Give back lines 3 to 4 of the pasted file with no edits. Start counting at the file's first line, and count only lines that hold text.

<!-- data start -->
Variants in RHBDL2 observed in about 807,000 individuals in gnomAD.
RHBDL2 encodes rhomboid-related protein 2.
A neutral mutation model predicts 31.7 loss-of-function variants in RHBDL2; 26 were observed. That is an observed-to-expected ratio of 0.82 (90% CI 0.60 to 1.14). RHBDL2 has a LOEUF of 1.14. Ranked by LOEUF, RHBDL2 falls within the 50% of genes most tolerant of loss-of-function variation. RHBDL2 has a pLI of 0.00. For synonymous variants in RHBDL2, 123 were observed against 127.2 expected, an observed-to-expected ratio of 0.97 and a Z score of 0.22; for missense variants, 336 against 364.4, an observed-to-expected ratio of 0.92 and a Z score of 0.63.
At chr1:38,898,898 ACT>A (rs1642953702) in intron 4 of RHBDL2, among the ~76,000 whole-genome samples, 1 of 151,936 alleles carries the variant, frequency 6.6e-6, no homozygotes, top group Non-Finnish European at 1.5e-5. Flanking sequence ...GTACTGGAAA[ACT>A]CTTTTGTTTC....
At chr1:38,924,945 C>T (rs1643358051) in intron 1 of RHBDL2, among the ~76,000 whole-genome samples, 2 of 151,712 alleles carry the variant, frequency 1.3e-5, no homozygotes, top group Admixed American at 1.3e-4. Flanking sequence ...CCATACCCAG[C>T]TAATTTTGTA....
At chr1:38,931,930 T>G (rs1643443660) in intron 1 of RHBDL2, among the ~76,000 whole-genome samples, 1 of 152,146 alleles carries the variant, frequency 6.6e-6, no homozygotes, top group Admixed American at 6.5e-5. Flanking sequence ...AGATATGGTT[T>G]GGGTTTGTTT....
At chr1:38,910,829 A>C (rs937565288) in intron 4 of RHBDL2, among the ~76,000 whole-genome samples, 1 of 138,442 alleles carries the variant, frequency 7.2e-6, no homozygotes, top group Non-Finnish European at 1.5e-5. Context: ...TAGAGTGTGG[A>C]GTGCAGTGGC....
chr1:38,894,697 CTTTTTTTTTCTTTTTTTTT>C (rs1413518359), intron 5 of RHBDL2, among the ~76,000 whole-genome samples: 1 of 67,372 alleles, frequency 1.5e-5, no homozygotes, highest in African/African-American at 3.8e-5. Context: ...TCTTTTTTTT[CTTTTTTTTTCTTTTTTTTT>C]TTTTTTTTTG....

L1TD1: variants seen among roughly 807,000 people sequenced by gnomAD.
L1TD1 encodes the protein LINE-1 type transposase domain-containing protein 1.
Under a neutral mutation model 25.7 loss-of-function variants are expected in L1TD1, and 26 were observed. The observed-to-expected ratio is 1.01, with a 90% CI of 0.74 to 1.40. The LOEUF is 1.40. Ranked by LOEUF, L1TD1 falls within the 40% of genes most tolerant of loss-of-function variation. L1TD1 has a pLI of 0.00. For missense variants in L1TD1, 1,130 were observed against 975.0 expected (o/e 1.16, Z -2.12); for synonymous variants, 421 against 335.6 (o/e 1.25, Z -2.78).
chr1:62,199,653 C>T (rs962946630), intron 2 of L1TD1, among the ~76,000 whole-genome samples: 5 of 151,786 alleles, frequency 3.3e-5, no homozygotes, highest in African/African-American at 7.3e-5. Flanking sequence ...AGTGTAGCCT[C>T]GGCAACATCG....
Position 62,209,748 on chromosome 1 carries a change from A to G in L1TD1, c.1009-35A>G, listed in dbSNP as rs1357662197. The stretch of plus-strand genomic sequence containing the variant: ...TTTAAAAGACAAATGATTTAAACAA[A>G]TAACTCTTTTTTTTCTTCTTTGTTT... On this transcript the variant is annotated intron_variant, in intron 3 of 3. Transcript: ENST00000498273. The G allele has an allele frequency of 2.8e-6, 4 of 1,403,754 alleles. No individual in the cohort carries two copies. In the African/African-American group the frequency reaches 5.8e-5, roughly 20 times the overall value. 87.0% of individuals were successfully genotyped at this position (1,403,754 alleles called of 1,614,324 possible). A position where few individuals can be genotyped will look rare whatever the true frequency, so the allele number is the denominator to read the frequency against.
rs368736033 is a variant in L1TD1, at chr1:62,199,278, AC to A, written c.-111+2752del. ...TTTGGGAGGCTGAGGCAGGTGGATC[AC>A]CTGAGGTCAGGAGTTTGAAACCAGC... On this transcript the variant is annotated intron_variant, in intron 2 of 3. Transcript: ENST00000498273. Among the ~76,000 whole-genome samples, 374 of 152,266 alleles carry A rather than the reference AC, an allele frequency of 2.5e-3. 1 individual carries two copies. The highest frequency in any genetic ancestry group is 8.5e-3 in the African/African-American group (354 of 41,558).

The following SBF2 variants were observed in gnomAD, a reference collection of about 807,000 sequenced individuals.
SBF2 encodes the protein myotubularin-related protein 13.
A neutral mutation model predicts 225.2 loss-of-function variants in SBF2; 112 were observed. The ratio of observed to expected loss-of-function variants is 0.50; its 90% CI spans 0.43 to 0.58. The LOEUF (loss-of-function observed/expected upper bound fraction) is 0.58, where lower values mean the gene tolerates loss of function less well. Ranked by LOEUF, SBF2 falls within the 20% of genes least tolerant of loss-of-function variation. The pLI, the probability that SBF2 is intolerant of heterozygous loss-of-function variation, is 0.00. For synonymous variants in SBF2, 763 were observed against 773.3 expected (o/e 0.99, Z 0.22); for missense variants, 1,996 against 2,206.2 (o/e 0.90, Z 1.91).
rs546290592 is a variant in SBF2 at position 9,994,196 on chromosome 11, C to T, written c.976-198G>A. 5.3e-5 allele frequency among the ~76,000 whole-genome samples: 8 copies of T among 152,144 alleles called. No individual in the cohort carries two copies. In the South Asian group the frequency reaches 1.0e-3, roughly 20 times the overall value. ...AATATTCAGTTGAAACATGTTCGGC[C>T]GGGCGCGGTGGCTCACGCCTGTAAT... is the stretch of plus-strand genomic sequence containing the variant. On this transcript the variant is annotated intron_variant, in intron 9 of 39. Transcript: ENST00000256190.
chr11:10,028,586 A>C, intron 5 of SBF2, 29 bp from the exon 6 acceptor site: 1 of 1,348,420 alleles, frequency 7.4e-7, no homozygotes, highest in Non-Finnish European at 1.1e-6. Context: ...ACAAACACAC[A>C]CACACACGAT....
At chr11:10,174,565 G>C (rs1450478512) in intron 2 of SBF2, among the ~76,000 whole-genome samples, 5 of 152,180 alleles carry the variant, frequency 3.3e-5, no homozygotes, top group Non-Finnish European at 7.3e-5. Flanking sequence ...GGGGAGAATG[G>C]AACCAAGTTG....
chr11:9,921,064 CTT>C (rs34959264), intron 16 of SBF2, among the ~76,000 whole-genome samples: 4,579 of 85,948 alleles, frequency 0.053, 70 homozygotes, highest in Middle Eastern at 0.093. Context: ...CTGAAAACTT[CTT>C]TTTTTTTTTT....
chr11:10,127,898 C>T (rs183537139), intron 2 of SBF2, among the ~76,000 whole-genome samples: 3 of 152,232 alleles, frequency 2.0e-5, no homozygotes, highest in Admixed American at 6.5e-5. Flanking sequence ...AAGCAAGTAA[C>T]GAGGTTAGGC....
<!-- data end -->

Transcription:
A neutral mutation model predicts 31.7 loss-of-function variants in RHBDL2; 26 were observed. That is an observed-to-expected ratio of 0.82 (90% CI 0.60 to 1.14). RHBDL2 has a LOEUF of 1.14. Ranked by LOEUF, RHBDL2 falls within the 50% of genes most tolerant of loss-of-function variation. RHBDL2 has a pLI of 0.00. For synonymous variants in RHBDL2, 123 were observed against 127.2 expected, an observed-to-expected ratio of 0.97 and a Z score of 0.22; for missense variants, 336 against 364.4, an observed-to-expected ratio of 0.92 and a Z score of 0.63.
At chr1:38,898,898 ACT>A (rs1642953702) in intron 4 of RHBDL2, among the ~76,000 whole-genome samples, 1 of 151,936 alleles carries the variant, frequency 6.6e-6, no homozygotes, top group Non-Finnish European at 1.5e-5. Flanking sequence ...GTACTGGAAA[ACT>A]CTTTTGTTTC....